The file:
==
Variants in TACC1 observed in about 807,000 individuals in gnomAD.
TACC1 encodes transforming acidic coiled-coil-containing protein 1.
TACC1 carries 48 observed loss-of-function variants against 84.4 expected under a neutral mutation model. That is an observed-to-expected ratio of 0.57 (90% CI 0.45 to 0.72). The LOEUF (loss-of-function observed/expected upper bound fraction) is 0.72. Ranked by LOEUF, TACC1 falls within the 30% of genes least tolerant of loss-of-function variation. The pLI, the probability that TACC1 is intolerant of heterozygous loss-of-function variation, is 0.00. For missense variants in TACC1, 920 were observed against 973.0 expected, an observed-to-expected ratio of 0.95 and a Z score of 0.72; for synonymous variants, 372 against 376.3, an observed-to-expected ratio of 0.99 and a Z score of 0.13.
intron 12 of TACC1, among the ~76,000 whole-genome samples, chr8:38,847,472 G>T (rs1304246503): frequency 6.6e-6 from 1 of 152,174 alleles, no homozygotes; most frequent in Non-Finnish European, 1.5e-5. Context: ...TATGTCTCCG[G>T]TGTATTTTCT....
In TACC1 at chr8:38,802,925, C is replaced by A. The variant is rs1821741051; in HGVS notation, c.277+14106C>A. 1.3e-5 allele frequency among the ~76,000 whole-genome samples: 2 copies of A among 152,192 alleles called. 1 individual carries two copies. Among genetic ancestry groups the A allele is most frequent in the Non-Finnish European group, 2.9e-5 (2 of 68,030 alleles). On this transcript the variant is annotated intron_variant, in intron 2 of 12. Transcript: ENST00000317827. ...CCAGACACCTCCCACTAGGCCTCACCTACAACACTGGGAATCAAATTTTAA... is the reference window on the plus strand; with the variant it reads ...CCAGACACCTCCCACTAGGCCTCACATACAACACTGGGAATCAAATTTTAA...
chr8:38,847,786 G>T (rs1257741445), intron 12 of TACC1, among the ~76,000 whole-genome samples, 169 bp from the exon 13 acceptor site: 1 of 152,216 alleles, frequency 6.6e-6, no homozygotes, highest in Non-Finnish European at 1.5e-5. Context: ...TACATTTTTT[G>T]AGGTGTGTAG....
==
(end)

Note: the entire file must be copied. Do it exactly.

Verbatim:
Variants in TACC1 observed in about 807,000 individuals in gnomAD.
TACC1 encodes transforming acidic coiled-coil-containing protein 1.
TACC1 carries 48 observed loss-of-function variants against 84.4 expected under a neutral mutation model. That is an observed-to-expected ratio of 0.57 (90% CI 0.45 to 0.72). The LOEUF (loss-of-function observed/expected upper bound fraction) is 0.72. Ranked by LOEUF, TACC1 falls within the 30% of genes least tolerant of loss-of-function variation. The pLI, the probability that TACC1 is intolerant of heterozygous loss-of-function variation, is 0.00. For missense variants in TACC1, 920 were observed against 973.0 expected, an observed-to-expected ratio of 0.95 and a Z score of 0.72; for synonymous variants, 372 against 376.3, an observed-to-expected ratio of 0.99 and a Z score of 0.13.
intron 12 of TACC1, among the ~76,000 whole-genome samples, chr8:38,847,472 G>T (rs1304246503): frequency 6.6e-6 from 1 of 152,174 alleles, no homozygotes; most frequent in Non-Finnish European, 1.5e-5. Context: ...TATGTCTCCG[G>T]TGTATTTTCT....
In TACC1 at chr8:38,802,925, C is replaced by A. The variant is rs1821741051; in HGVS notation, c.277+14106C>A. 1.3e-5 allele frequency among the ~76,000 whole-genome samples: 2 copies of A among 152,192 alleles called. 1 individual carries two copies. Among genetic ancestry groups the A allele is most frequent in the Non-Finnish European group, 2.9e-5 (2 of 68,030 alleles). On this transcript the variant is annotated intron_variant, in intron 2 of 12. Transcript: ENST00000317827. ...CCAGACACCTCCCACTAGGCCTCACCTACAACACTGGGAATCAAATTTTAA... is the reference window on the plus strand; with the variant it reads ...CCAGACACCTCCCACTAGGCCTCACATACAACACTGGGAATCAAATTTTAA...
chr8:38,847,786 G>T (rs1257741445), intron 12 of TACC1, among the ~76,000 whole-genome samples, 169 bp from the exon 13 acceptor site: 1 of 152,216 alleles, frequency 6.6e-6, no homozygotes, highest in Non-Finnish European at 1.5e-5. Context: ...TACATTTTTT[G>T]AGGTGTGTAG....